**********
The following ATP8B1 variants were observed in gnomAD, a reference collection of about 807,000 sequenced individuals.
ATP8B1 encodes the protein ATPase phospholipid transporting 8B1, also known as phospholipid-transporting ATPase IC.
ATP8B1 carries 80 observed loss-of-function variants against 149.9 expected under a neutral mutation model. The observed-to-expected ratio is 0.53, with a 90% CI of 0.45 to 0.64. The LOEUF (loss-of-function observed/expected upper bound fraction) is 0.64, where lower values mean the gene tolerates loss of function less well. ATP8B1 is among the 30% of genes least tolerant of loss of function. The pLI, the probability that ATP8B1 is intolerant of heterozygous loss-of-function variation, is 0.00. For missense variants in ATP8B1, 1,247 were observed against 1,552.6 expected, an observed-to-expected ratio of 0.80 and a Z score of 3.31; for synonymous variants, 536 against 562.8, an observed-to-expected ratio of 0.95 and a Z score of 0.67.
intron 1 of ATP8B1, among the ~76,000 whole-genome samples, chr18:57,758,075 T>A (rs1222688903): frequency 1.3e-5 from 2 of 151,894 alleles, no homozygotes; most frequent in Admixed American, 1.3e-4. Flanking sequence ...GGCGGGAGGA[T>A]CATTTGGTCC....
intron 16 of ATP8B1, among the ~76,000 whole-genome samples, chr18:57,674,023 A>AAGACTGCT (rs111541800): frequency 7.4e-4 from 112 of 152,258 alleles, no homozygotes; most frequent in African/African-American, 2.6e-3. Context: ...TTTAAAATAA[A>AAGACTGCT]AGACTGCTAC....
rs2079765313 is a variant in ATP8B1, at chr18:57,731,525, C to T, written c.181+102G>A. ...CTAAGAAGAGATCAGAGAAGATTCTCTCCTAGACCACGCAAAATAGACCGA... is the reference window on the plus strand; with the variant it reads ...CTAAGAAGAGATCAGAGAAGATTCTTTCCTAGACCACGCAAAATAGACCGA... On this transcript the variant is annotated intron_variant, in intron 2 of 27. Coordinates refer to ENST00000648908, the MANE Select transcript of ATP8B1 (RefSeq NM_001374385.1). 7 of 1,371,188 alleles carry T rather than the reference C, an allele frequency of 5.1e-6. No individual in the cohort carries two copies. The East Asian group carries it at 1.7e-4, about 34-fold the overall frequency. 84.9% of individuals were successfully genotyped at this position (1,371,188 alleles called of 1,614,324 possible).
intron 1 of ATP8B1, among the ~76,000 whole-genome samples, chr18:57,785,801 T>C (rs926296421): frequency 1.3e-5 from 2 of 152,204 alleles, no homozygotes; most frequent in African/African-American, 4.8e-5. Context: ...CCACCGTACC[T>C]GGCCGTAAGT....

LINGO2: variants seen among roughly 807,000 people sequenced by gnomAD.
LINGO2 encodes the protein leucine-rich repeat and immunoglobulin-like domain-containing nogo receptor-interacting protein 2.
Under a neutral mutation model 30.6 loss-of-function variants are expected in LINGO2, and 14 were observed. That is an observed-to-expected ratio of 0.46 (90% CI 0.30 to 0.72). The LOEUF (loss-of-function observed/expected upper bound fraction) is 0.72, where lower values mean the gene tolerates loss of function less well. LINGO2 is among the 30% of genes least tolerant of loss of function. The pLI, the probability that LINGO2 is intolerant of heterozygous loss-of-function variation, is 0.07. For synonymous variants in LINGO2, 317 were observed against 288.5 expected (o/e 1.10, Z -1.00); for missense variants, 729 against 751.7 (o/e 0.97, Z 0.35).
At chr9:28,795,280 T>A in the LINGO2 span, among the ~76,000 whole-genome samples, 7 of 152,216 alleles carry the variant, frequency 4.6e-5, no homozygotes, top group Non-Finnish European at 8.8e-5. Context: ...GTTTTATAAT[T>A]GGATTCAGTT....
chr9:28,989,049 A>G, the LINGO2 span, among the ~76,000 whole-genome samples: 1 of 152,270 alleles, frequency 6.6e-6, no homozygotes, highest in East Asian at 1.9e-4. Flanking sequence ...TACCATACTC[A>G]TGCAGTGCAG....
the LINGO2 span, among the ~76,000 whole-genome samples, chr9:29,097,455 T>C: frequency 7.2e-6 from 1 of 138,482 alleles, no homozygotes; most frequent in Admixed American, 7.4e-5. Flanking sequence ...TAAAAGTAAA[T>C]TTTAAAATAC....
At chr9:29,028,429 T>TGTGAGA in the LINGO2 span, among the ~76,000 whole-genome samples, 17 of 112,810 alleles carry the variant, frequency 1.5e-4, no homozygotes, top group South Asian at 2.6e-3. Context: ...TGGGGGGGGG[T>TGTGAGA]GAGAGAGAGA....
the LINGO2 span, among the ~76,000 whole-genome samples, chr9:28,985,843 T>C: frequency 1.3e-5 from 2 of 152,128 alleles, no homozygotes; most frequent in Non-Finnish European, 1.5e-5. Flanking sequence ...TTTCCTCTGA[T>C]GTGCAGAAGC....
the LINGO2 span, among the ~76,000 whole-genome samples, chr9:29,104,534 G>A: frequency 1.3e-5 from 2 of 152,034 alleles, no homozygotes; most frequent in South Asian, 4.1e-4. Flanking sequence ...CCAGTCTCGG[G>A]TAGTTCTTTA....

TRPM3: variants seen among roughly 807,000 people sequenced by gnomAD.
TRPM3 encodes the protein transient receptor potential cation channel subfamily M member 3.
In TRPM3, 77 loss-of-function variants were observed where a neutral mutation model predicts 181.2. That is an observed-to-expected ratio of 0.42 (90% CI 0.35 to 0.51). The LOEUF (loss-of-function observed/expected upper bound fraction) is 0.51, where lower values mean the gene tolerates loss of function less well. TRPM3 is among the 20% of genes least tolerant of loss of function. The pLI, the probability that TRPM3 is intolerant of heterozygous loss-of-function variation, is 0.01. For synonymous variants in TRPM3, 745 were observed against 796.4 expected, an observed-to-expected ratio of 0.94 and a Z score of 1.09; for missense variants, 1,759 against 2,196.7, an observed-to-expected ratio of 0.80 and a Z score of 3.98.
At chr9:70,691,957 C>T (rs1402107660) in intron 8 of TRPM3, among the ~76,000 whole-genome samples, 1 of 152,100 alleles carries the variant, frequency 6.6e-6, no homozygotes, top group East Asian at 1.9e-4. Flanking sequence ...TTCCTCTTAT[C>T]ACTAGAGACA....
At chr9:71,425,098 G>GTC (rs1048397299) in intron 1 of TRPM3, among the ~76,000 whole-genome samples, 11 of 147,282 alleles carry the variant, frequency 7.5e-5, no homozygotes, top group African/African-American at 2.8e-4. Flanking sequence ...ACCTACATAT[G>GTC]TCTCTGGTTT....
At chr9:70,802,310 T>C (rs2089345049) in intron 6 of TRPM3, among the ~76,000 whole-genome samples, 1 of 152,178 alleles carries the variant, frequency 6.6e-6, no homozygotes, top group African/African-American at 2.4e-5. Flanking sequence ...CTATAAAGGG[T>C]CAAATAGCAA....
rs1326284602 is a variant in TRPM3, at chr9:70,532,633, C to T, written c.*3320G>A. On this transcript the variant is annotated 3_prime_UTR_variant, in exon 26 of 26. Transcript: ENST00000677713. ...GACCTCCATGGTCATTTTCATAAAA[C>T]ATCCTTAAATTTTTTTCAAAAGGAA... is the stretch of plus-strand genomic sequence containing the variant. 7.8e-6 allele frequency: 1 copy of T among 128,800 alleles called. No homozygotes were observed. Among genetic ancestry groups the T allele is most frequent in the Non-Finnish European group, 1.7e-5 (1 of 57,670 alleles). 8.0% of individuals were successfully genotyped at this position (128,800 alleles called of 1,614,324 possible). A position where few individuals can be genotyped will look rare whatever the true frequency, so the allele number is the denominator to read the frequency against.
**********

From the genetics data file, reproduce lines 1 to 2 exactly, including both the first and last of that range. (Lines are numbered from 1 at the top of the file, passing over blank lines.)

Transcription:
The following ATP8B1 variants were observed in gnomAD, a reference collection of about 807,000 sequenced individuals.
ATP8B1 encodes the protein ATPase phospholipid transporting 8B1, also known as phospholipid-transporting ATPase IC.